Police officers and equipment from Bulgaria, Germany, Romania, Austria, Hungary, Slovakia and Denmark deployed along the border with Turkey in NortheasternGreece, which is a major point of entry into the EU for illegal immigrants.
The mission is expected to last till March 2011 and is focusing on policing a previously unguarded 12-km section of a river border between the towns of Nea Vyssa and Orestiada, on the Maritsa River.
This is the first time a rapid-intervention border team has been deployed to an EU member state since the Frontex teams were created in 2007.
Frontex, the EU agency based in Warsaw, coordinating the operational cooperation between member states in the field of border security under the European Patrol Network project, has agreed to place 175 police officers from across the EU after last month Greece requested from it help to cope with the growing number of refugees from African countries, Iraq and Afghanistan penetrating through its river and landborder with Turkey.
Bulgaria, which has a longer land border with Turkey than Greece, has not detected a substantial increase of illegal immigrants seeking to enter the EU even though the Bulgarian border police occasionally capture small groups of illegal migrants from the Middle East and Africa.
EU’s Joint Operation Poseidon started in 2006 as a purely sea-based operation patrolling the coastal waters between Greece and Turkey. Since the beginning of 2010, Poseidon has also had a land-based component covering the Greek and Bulgarian land borders with Turkey — now confirmed as the dominant country of transit for irregular migration into the EU.
At the beginning of January, Bulgaria joined Greece‘s intentions to build birder fences along the borders with Turkey. However, Bulgaria‘s decision was triggered by the spread of the foot-and-mouth disease (FMD), which came from a wild boar that was killed in southern Bulgaria, near the border with Turkey.
However, Turkey has met with suspicion the intentions of the two countries to build fences. According to the Chairman of Turkish Center for International Relations and Strategic Analysis, Sinan Ogan, the two countries have hidden agendas.
West Nile virus kills four in Greece August 18, 2010Posted by Yilan in Egypt, Yunanistan.
Tags: Greece, Virus, West Nile
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Greece’s health ministry said on Tuesday it was stepping up the fight against West Nile virus which has killed four people since the beginning of the month.
Some 60 people were diagnosed with the virus on Tuesday, with 13 new cases discovered on Monday, according to a statement from the Centre for the Control and Prevention of Diseases.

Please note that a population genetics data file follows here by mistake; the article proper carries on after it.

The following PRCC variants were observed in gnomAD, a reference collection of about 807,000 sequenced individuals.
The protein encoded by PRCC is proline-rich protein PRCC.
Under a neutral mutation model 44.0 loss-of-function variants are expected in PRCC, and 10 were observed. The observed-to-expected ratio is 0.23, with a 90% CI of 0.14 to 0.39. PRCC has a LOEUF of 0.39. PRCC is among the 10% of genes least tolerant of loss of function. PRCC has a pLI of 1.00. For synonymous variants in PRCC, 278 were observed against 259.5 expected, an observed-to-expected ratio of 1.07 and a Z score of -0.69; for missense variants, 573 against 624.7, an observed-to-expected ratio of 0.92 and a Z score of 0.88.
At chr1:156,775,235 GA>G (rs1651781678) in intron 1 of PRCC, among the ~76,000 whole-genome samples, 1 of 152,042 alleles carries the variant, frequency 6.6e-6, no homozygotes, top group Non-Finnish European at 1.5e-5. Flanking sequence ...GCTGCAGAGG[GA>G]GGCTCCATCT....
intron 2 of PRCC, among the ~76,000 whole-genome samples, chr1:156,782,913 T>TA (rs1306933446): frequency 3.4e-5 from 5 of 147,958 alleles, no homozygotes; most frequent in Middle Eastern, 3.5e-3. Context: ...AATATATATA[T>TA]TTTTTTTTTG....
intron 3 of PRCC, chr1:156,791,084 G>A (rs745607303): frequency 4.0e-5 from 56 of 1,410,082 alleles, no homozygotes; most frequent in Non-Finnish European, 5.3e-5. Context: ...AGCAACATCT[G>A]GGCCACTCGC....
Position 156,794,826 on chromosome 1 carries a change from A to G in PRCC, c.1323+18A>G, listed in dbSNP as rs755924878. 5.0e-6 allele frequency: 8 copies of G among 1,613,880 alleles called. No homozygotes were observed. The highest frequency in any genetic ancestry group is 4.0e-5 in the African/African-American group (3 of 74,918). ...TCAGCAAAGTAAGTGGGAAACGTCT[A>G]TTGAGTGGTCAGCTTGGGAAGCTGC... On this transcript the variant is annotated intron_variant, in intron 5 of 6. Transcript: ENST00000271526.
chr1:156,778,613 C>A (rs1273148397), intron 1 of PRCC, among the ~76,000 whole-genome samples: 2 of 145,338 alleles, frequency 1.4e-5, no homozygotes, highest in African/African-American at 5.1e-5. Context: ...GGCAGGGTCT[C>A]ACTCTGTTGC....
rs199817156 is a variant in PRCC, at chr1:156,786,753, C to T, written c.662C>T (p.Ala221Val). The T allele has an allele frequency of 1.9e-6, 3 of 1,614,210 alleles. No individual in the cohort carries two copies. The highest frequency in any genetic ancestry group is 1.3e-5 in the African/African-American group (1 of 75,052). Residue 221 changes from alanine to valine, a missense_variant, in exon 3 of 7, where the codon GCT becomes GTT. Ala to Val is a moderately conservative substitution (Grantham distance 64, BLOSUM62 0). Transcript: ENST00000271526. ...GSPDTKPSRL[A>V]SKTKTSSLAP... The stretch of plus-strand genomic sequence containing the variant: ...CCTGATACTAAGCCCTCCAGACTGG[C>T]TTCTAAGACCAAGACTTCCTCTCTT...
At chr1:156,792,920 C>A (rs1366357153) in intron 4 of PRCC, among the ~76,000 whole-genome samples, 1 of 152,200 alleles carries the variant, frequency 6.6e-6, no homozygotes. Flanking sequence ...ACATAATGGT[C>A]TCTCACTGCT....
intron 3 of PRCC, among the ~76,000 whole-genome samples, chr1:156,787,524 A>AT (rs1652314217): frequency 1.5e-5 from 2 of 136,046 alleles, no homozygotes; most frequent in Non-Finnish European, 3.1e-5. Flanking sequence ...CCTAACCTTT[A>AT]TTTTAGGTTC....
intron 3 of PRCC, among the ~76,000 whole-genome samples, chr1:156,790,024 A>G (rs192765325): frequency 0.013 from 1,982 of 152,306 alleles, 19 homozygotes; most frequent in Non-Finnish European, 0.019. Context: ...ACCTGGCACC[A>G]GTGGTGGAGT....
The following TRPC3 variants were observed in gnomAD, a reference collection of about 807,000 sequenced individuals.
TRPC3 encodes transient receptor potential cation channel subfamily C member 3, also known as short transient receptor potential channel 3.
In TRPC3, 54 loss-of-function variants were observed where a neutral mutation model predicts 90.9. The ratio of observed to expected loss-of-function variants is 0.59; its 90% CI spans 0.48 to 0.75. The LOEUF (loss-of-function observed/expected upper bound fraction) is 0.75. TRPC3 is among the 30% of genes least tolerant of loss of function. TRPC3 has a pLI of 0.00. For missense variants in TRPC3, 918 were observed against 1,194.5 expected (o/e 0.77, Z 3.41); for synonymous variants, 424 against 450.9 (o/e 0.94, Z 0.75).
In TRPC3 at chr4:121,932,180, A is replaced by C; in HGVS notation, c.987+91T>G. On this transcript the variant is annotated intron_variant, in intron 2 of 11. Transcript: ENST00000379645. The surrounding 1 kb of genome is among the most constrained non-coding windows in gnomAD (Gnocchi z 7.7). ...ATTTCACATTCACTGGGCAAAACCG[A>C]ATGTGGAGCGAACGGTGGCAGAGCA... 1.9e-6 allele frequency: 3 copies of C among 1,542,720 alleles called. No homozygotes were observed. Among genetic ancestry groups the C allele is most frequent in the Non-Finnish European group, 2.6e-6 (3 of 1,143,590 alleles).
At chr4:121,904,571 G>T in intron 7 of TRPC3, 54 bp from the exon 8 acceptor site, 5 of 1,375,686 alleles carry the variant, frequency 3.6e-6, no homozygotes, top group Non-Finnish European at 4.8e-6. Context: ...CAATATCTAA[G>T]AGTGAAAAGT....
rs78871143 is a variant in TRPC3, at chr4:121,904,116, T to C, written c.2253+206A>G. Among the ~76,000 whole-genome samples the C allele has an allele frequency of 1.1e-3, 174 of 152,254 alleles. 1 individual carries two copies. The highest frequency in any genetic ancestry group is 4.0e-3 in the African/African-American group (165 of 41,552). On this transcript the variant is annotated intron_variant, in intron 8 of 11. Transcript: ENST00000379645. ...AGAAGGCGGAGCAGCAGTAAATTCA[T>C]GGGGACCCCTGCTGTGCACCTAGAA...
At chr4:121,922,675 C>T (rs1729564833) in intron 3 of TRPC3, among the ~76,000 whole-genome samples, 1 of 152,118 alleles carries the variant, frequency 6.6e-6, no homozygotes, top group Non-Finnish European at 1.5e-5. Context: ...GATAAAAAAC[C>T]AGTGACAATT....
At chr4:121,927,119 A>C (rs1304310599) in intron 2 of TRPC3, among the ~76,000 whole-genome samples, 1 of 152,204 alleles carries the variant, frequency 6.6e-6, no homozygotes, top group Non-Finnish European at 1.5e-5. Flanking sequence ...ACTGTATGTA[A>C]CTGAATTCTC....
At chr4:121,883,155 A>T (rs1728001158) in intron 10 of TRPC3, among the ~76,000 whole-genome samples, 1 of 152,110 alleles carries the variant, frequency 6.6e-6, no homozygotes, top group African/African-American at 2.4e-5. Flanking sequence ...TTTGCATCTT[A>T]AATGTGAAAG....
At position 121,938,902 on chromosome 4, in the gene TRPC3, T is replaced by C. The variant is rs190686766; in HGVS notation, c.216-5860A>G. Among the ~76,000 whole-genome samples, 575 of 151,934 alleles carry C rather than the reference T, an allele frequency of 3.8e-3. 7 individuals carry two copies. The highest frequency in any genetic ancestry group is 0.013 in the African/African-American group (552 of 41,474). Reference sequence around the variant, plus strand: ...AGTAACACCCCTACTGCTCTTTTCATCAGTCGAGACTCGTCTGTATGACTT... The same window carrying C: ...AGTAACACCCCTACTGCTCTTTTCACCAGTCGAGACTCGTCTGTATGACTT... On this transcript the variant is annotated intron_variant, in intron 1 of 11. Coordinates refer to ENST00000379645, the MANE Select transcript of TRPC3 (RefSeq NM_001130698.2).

So far 60 people have been diagnosed with encephalitis — an inflammation of the brain caused by the virus — while four elderly patients, also suffering from unrelated diseases, died.
According to the centre, eight of the 29 people hospitalised on Tuesday are in intensive care.
The virus, transmitted through bites by infected mosquitoes, has so far affected populations in Greece’s Macedonia region, in a zone stretching from Larissa to the northern city of Salonika, in close proximity to lakes and rivers.
The health ministry has ordered that efforts to spread insecticides in the region be intensified, targeting areas where contamination is highest. A campaign to inform the public will also be launched.
A doctor working at the centre, Doritsa Bakka, said the virus has been found in the past in Greece but had never before caused encephalitis.
She said the spread of the disease had been encouraged by a hot and wet summer, an ideal breeding ground for mosquitoes.
Witty Christofias July 12, 2010Posted by Yilan in Egypt, KKTC.
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It appears that the limits of bargaining skills of Greek Cypriot leader Demetris Christofias were as much underestimated as his trustworthiness was exaggerated during the Annan Plan period.
“I am disappointed… I was fooled,” said then European Union’s Enlargement Commissioner Guenter Verhaugen as well as many other clever European politicians seeing that over 75 percent of Greek Cypriots voted to kill the UN peace plan, or the Annan Plan. Whereas, they were sure of the pro-settlement commitment of the Greek Cypriot people and were so confident of the strong political will of Christofias – the most important political force behind the then Greek Cypriot leader Tassos Papadopoulos. A Greek Cypriot “Yes” vote in the referendum was certain, while the Turkish Cypriots needed to be convinced to support “settlement now, EU accession tomorrow.” In any case, the EU membership aspirations of the pro-settlement Greek Cypriot people should not be allowed to be held hostage to the intransigence of the Turkish Cypriot side and “with or without a settlement the island must be admitted into the EU.”
Verhaugen and other European bureaucrats and politicians were “fooled” at the time by many Greek Cypriots, particularly by Christofias. Up until a week before the April 24, 2004 vote on the Annan Plan Christofias was supportive of the compromise deal, but all of a sudden he came up with “In order to deliver a strong yes a while later, we have decided to say no.” Such a grandiose U-turn by witty Christofias made many people feel “we were fooled.” That the “a while later” Christofias referred to never came and the Annan Plan since then has been considered by the Greek Cypriot side as “dead and buried” but somehow still alive with the limits it provided to the Turkish Cypriot demands.